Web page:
Despite the love that the family provided, the Raintree family remained powerless against a government system that did not support maintaining Métis identity. April and her sister were forced out of their home and away from their parents to be placed in foster homes under the control of white families. Alice, the mother of the Raintree sisters was intimidated by the social workers that bombarded her home. Realizing the power of the authority figures, she was respectful and obedient while being inhibited by her internalized racist views of herself as inferior to the white social workers and as a neglectful mother. After the social worker whispered in Alice’s ear, she told her daughter, “April, I want you and Cheryl to go with these people… you’ll be alright. You be good girls for me” (18). Powerless and unable to tell the social workers to be good to her daughters, instead Alice told April to be good. This is teaching April that she must please authority but that it does not have to do the same to her in return. Despite this, April remained the brave, Métis girl she was and refused to obedience towards the social workers. However, this way of acting was not as feasible towards the racist nuns the sisters encountered when they arrived at the orphanage. They used severe punishments and abusive language to keep the children in order. To deny the girls of their Métis traditions and further emphasize their superiority, the nuns cut off all of April and Cheryl’s hair. This was the beginning of April converting into a lifeless colonial subject. The nuns took every opportunity to demoralize the children, calling against April during a meal, “Don’t gulp your food down like a little animal” (20). In fear of the physical and verbal abuse, April complied passively. This demonstrates the loss of strength and morale April began to experience when under the control of white superiors who used individual racism to assume their power.
In her second foster home, April was placed with the DeRosier family where she was faced with serious physical and mental abuse. Unlike the white children in the DeRosier home, April was treated as a slave. She was addressed with demeaning names, such as “half-breed,” “squaw,” and “Ape” (45-47) by her foster mother, Mrs. DeRosier. These terms are not only racist against Métis people, but they possess dehumanizing implications. When Mrs. DeRosier was not around, her children made sure that April’s nightmare would not end. They isolated her on the school bus by telling the other children lies about her being dirty and having lice. This caused April to associate these derogatory comments with her race, creating a dislike for Métis people within herself, “Anything to do with Indians, I despised” (42). Applying this racism created from individuals around her to herself, April refused to reveal to anyone in her school that she was of Métis descent. This created a sense of isolation and fear of rejection. These were all things that the social workers decided to look past, despite April’s attempts at revealing the truth. The buildup of individual racism from the DeRosiers and social workers each impacted April’s view of her own people.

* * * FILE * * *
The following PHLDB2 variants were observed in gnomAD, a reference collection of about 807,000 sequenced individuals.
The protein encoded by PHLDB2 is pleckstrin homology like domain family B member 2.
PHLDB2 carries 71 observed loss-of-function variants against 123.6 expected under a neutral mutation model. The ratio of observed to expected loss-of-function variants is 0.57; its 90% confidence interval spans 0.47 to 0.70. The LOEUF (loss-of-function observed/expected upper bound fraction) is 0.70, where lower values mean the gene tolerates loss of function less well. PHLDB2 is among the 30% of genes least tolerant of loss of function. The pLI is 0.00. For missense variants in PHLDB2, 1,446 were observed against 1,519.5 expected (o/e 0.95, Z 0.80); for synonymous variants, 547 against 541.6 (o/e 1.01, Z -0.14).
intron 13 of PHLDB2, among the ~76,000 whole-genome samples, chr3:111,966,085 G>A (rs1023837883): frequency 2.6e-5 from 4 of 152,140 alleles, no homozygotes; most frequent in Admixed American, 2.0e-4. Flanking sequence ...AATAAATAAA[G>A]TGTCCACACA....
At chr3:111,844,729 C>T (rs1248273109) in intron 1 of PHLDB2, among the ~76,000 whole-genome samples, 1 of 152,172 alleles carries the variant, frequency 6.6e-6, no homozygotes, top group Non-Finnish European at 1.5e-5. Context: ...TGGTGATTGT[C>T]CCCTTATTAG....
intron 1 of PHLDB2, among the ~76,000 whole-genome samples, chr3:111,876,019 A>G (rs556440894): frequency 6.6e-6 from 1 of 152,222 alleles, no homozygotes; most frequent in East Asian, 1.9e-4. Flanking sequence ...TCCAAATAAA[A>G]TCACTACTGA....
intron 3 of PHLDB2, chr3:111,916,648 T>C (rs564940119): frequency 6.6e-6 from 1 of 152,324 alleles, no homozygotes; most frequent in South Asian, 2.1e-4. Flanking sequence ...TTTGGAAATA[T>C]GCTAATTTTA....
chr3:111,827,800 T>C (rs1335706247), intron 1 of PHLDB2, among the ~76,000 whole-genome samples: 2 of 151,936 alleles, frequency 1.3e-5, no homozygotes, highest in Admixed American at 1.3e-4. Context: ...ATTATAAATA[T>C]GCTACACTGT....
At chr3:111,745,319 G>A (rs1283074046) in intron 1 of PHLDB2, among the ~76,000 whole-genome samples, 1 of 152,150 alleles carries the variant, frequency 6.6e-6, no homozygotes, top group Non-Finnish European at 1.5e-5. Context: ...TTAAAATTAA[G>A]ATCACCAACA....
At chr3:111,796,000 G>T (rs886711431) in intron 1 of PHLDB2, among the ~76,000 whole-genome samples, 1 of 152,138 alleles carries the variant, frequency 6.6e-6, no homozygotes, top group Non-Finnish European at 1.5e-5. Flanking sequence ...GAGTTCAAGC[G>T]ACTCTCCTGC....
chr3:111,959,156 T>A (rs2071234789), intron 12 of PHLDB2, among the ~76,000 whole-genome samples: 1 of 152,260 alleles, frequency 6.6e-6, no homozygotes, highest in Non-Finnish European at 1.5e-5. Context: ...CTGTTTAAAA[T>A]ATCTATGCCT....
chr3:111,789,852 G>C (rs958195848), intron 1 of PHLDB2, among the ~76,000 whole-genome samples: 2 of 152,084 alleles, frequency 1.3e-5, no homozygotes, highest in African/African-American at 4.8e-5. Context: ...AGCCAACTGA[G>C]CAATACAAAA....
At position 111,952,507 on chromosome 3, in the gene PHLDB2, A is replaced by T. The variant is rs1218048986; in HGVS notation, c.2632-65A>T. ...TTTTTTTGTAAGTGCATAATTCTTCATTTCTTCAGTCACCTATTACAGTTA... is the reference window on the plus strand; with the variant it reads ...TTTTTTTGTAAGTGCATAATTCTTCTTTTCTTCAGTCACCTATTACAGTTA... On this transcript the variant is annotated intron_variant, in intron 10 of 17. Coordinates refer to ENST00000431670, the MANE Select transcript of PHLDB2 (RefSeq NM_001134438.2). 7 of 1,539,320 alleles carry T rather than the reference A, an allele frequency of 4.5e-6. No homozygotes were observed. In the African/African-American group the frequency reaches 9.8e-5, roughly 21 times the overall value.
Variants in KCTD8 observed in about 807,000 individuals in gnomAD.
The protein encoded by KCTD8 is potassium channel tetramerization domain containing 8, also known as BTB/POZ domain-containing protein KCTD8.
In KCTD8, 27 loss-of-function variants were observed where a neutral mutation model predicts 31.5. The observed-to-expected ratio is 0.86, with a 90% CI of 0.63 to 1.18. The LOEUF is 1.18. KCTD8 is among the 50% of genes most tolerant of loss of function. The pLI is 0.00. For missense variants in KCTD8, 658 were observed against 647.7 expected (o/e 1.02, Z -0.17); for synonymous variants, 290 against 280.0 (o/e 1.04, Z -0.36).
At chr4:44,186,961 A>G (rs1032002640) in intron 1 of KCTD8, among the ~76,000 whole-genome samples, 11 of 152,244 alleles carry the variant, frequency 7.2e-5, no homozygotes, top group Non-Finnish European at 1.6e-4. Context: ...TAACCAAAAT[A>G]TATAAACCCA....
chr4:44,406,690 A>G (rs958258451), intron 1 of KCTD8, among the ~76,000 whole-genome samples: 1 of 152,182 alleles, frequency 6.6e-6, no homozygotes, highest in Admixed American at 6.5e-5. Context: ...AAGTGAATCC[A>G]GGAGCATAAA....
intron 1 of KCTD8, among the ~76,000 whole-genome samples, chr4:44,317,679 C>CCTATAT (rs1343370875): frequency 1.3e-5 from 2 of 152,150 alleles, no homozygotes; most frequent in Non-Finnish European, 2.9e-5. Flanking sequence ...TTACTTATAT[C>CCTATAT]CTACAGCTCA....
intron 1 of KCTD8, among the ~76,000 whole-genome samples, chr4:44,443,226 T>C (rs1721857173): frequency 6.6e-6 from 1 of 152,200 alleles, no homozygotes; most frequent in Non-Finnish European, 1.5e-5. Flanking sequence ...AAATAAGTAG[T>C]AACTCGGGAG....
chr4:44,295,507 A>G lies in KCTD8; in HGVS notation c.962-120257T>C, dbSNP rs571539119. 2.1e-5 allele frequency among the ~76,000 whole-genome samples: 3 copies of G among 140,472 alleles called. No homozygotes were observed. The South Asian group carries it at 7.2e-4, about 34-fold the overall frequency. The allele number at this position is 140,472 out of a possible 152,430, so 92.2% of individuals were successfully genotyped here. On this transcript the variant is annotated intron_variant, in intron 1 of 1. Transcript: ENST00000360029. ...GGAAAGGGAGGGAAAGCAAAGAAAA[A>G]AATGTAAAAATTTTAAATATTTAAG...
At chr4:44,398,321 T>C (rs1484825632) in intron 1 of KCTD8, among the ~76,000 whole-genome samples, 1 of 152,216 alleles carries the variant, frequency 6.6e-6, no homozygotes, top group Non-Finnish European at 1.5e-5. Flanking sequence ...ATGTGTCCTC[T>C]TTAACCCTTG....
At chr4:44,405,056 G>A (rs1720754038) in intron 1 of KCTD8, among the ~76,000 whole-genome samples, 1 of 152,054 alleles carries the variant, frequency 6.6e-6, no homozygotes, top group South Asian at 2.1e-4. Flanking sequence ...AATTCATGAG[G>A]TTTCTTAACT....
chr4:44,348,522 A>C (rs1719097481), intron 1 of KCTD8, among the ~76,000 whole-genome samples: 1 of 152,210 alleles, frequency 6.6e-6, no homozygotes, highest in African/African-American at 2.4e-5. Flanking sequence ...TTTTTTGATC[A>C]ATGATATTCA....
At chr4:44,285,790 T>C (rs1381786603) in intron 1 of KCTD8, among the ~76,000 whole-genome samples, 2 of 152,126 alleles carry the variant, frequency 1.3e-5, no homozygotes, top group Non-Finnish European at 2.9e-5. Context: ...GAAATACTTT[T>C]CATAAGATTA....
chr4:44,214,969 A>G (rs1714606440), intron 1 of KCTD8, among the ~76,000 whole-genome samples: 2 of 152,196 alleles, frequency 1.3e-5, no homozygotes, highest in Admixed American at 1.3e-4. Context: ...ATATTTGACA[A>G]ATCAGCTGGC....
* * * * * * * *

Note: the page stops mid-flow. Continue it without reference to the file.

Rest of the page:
At this point, April believed that the only way to escape the oppression was to escape her Métis identity. Because her skin was much lighter than what is stereotyped for Métis individuals, April chose to live her life as a white woman. This choice was a result of the lack of love she received after being taken away from her parents, which she blamed on her Métis heritage. She began falsifying her values and desires to those of a wealthy white woman in order to create some form of self-love. With this came a need to prove her perceived whiteness to herself and other people. Living as a white woman was a way to avoid the pain of the racism that was projected from the people around her. This led April to disconnect from her sister, presumably because her sister had a strong tie to her Métis ancestry. After trying so hard to meet the white people’s conditions of worth, which she turned into conditions of self-worth, April began to lose her identity.